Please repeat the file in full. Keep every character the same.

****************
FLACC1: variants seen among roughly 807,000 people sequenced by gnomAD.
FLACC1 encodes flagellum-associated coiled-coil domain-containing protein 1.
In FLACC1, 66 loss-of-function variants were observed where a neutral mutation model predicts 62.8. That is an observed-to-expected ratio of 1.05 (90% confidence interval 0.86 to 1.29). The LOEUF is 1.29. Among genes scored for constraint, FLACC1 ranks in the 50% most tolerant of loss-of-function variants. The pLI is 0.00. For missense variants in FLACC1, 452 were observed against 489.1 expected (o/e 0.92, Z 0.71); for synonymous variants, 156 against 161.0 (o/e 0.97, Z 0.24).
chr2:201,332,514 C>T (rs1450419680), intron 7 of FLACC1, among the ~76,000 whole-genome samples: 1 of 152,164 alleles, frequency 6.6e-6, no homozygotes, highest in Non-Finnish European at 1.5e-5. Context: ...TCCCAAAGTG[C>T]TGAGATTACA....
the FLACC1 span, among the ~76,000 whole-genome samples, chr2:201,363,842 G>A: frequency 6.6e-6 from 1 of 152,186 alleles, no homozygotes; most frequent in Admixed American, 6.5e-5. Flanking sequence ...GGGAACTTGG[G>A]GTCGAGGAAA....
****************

FLACC1: variants seen among roughly 807,000 people sequenced by gnomAD.
FLACC1 encodes flagellum-associated coiled-coil domain-containing protein 1.
In FLACC1, 66 loss-of-function variants were observed where a neutral mutation model predicts 62.8. That is an observed-to-expected ratio of 1.05 (90% confidence interval 0.86 to 1.29). The LOEUF is 1.29. Among genes scored for constraint, FLACC1 ranks in the 50% most tolerant of loss-of-function variants. The pLI is 0.00. For missense variants in FLACC1, 452 were observed against 489.1 expected (o/e 0.92, Z 0.71); for synonymous variants, 156 against 161.0 (o/e 0.97, Z 0.24).
chr2:201,332,514 C>T (rs1450419680), intron 7 of FLACC1, among the ~76,000 whole-genome samples: 1 of 152,164 alleles, frequency 6.6e-6, no homozygotes, highest in Non-Finnish European at 1.5e-5. Context: ...TCCCAAAGTG[C>T]TGAGATTACA....
the FLACC1 span, among the ~76,000 whole-genome samples, chr2:201,363,842 G>A: frequency 6.6e-6 from 1 of 152,186 alleles, no homozygotes; most frequent in Admixed American, 6.5e-5. Flanking sequence ...GGGAACTTGG[G>A]GTCGAGGAAA....